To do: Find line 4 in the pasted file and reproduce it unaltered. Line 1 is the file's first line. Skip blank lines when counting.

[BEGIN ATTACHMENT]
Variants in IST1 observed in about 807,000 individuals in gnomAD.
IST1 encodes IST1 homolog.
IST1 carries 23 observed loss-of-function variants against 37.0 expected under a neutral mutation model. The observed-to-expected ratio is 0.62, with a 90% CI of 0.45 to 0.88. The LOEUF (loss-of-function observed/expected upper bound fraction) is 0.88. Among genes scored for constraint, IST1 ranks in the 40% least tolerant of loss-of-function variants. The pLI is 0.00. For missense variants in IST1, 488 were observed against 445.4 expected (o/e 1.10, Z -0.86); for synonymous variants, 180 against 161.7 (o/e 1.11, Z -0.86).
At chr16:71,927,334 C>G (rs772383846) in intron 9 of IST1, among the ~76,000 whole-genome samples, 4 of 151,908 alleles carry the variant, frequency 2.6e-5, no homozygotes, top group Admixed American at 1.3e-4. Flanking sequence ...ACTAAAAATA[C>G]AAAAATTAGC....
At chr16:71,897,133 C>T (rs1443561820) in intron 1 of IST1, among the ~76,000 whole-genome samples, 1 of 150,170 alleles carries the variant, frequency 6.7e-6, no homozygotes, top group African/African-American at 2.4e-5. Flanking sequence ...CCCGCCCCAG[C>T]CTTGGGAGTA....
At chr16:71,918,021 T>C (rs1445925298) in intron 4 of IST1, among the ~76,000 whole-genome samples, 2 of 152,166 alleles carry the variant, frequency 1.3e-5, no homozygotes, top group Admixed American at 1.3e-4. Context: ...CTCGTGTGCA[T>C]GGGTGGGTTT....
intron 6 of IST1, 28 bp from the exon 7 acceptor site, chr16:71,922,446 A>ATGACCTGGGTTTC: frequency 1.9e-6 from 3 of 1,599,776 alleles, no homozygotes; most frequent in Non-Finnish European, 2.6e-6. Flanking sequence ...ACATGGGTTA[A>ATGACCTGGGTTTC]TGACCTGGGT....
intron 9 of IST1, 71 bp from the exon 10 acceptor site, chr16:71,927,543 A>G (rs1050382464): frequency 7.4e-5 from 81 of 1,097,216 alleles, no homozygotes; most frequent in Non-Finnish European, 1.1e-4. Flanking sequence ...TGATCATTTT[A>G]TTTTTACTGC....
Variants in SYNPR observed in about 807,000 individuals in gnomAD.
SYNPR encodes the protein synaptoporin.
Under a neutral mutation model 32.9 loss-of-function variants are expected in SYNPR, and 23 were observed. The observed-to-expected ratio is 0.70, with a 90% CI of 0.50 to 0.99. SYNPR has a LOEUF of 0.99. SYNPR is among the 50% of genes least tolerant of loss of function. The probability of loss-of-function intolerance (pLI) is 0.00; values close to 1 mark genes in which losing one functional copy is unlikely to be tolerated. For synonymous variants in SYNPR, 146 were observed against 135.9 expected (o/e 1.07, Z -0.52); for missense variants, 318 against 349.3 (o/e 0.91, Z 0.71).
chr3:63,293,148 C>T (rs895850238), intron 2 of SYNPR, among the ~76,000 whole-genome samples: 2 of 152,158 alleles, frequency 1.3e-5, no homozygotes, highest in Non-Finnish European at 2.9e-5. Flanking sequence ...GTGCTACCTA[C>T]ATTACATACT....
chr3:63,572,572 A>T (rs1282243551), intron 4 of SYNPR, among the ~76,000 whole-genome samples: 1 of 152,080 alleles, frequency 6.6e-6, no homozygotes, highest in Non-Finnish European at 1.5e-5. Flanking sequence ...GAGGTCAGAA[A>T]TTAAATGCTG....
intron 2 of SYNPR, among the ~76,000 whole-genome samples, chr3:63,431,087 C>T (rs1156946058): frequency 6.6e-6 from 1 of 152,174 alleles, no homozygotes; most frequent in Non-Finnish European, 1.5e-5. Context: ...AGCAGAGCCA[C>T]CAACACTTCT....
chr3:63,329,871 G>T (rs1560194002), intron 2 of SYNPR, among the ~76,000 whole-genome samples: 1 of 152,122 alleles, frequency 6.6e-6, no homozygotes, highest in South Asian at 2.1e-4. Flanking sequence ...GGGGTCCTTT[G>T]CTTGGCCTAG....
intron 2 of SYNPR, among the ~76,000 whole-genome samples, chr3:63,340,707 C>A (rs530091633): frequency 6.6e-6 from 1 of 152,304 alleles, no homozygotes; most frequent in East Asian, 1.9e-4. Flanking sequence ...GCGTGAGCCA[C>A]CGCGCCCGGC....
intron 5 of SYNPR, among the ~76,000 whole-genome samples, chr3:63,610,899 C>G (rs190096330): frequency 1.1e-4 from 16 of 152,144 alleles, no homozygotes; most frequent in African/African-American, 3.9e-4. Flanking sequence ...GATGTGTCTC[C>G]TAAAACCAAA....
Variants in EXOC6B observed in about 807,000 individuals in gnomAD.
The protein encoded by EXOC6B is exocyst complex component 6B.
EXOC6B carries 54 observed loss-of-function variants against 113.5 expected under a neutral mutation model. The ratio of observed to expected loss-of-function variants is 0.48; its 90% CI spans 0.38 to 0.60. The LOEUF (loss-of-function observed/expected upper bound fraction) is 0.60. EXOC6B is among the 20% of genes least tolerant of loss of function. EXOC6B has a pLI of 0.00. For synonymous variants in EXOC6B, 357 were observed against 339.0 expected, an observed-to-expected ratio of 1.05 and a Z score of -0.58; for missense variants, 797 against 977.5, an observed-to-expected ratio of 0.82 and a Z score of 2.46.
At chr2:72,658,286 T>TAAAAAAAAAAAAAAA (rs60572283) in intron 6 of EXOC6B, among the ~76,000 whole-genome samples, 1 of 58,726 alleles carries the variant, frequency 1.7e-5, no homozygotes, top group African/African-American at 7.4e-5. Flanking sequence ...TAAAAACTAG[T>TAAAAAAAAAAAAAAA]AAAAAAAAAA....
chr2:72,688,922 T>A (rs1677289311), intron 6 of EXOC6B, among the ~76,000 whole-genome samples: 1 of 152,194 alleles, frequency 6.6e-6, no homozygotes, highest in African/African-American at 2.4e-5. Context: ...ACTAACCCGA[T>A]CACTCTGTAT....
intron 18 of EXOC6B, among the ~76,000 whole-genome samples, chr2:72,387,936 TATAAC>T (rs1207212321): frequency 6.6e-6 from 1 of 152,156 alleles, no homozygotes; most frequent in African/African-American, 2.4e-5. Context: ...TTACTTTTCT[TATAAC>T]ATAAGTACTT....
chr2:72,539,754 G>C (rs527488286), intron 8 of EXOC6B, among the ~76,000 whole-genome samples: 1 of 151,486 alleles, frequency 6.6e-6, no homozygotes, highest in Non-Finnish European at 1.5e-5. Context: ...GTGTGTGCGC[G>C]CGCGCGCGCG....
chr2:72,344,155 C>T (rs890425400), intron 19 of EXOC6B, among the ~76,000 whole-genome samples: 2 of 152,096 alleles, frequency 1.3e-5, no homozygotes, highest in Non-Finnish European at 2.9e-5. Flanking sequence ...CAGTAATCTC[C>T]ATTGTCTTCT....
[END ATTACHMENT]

At chr16:71,927,334 C>G (rs772383846) in intron 9 of IST1, among the ~76,000 whole-genome samples, 4 of 151,908 alleles carry the variant, frequency 2.6e-5, no homozygotes, top group Admixed American at 1.3e-4. Flanking sequence ...ACTAAAAATA[C>G]AAAAATTAGC....